Please use this identifier to cite or link to this item: http://hdl.handle.net/10553/6555
Title: Muscular and pulmonary O2 uptake kinetics during moderate- and high-intensity sub-maximal knee-extensor exercise in humans
Authors: Krustrup, P.
Jones, A.M.
Wilkerson, D.P.
Calbet, José A.L. 
Bangsbo, J.
UNESCO Clasification: 241106 Fisiología del ejercicio
Keywords: Oxygen
Exercise
Issue Date: 2009
Publisher: 0022-3751
Journal: Journal of Physiology 
Abstract: The purpose of this investigation was to determine the contribution of muscle O(2) consumption (mVO2) to pulmonary O(2) uptake (pVO2) during both low-intensity (LI) and high-intensity (HI) knee-extension exercise, and during subsequent recovery, in humans. Seven healthy male subjects (age 20-25 years) completed a series of LI and HI square-wave exercise tests in which mVO2 (direct Fick technique) and pVO2 (indirect calorimetry) were measured simultaneously. The mean blood transit time from the muscle capillaries to the lung (MTTc-l) was also estimated (based on measured blood transit times from femoral artery to vein and vein to artery). The kinetics of mVO2 and pVO2 were modelled using non-linear regression. The time constant (tau) describing the phase II pVO2 kinetics following the onset of exercise was not significantly different from the mean response time (initial time delay + tau) for mVO2 kinetics for LI (30 +/- 3 vs 30 +/- 3 s) but was slightly higher (P < 0.05) for HI (32 +/- 3 vs 29 +/- 4 s); the responses were closely correlated (r = 0.95 and r = 0.95; P < 0.01) for both intensities. In recovery, agreement between the responses was more limited both for LI (36 +/- 4 vs 18 +/- 4 s, P < 0.05; r = -0.01) and HI (33 +/- 3 vs 27 +/- 3 s, P > 0.05; r = -0.40). MTTc-l was approximately 17 s just before exercise and decreased to 12 and 10 s after 5 s of exercise for LI and HI, respectively. These data indicate that the phase II pVO2 kinetics reflect mVO2 kinetics during exercise but not during recovery where caution in data interpretation is advised. Increased mVO2 probably makes a small contribution to during the first 15-20 s of exercise.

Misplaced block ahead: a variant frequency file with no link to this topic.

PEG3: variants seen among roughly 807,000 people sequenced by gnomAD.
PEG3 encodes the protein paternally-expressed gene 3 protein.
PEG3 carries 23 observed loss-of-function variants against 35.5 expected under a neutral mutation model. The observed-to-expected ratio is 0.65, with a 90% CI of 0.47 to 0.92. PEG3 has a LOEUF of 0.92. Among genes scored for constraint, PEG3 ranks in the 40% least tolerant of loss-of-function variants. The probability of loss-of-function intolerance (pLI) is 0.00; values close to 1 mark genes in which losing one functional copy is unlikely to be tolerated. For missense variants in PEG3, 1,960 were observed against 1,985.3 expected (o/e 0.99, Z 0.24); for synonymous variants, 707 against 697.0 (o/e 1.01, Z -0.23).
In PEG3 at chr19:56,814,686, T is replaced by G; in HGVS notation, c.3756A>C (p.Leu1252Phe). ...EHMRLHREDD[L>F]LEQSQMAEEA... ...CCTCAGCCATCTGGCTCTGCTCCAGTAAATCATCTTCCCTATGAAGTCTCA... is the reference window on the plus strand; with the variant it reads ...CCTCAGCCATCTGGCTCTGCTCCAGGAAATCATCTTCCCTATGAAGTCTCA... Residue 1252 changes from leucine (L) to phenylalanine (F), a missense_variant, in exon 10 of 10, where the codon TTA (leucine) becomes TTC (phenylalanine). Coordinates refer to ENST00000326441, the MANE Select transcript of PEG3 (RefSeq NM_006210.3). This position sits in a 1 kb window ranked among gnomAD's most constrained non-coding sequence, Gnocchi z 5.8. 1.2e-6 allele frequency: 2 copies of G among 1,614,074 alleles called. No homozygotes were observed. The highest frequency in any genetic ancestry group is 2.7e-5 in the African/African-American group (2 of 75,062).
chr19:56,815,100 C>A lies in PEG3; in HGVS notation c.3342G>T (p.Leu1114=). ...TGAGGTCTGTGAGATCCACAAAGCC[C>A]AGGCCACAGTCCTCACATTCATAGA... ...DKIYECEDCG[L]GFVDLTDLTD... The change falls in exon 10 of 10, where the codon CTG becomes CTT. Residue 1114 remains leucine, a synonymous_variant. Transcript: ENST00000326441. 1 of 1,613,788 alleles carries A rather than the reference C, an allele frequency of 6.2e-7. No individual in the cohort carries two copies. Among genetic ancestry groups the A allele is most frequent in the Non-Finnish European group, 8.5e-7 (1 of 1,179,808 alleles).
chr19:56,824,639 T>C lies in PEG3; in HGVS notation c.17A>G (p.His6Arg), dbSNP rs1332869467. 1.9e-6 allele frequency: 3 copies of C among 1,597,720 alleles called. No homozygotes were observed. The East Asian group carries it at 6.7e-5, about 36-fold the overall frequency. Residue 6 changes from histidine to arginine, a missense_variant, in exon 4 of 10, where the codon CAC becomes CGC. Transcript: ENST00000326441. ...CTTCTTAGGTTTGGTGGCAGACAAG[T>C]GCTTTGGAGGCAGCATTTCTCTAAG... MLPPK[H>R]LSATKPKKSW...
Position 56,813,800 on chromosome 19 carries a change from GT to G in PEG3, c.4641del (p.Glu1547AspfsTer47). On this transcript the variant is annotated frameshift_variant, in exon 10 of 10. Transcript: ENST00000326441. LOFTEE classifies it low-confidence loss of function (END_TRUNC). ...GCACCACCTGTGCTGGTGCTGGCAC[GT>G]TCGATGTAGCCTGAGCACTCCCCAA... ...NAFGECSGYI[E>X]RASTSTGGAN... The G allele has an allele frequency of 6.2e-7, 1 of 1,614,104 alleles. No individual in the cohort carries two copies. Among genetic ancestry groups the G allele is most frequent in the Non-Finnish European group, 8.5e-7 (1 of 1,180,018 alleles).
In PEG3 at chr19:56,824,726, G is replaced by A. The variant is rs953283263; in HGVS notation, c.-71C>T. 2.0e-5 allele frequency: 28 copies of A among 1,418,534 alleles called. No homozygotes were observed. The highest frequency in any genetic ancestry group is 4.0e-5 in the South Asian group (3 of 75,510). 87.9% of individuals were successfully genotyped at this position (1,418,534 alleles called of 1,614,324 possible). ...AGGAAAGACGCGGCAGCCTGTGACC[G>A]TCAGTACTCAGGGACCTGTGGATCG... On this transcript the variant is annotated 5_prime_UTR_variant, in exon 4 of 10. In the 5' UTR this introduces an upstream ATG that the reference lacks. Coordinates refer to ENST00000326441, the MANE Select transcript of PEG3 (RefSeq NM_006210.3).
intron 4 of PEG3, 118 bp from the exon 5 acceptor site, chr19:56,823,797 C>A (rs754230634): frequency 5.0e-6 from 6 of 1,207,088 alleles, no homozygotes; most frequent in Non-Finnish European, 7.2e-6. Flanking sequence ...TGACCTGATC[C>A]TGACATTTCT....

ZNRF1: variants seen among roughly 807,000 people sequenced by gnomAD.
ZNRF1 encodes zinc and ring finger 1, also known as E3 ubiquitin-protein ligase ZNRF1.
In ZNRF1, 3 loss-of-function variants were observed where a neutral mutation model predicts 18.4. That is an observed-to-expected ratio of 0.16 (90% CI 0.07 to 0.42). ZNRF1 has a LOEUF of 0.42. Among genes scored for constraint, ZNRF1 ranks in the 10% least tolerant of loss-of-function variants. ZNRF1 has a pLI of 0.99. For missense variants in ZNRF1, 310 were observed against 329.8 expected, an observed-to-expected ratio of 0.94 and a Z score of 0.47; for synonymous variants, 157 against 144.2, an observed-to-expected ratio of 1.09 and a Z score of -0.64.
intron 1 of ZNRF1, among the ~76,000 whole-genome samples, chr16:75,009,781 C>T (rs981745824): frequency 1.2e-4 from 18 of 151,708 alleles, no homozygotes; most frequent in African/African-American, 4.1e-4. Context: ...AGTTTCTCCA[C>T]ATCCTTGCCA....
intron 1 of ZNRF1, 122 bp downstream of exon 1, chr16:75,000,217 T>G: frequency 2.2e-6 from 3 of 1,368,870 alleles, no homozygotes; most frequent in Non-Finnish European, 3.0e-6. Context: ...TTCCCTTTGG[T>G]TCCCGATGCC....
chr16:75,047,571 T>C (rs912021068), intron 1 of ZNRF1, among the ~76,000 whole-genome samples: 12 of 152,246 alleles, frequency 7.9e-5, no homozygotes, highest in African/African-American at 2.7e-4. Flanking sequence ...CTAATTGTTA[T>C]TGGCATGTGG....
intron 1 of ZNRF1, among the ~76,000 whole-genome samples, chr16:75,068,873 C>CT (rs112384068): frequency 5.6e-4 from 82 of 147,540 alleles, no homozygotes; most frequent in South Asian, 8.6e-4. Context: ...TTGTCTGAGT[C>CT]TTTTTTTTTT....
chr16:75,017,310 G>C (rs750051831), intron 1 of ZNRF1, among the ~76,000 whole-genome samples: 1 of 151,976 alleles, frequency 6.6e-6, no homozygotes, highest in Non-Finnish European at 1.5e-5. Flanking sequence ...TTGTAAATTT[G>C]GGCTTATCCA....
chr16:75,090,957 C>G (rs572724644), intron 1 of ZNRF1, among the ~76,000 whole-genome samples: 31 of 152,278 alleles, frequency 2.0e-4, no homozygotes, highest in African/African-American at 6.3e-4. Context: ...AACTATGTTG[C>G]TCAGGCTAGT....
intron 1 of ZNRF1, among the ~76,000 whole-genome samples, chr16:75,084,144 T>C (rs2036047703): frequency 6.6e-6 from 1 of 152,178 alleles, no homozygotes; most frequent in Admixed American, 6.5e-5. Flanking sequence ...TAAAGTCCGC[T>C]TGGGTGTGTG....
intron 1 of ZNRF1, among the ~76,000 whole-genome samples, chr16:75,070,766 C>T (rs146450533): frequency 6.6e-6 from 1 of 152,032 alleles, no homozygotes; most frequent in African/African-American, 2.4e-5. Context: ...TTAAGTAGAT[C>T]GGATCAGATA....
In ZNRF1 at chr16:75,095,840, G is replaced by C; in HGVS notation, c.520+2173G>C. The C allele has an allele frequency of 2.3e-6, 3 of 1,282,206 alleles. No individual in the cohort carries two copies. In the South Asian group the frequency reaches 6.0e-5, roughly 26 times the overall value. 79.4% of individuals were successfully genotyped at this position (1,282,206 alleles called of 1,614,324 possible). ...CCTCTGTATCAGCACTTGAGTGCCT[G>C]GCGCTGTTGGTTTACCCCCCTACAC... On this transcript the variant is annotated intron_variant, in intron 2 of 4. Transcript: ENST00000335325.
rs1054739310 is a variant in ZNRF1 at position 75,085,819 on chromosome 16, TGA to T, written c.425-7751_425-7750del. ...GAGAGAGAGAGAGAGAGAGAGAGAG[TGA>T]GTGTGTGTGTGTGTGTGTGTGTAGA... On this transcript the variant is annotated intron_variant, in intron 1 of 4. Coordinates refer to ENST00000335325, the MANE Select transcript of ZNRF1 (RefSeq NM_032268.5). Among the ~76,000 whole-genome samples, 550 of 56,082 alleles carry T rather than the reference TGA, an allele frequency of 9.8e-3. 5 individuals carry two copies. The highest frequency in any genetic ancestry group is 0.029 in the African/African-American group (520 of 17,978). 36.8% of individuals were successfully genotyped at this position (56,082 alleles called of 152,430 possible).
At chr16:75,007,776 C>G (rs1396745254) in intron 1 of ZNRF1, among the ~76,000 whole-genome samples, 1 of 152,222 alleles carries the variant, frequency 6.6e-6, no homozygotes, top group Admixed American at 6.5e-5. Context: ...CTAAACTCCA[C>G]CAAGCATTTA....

URI: http://hdl.handle.net/10553/6555
ISSN: 0022-3751
DOI: 10.1113/jphysiol.2008.166397
Source: Journal of Physiology [ISSN 0022-3751], v. 587(8), p. 1843-1856
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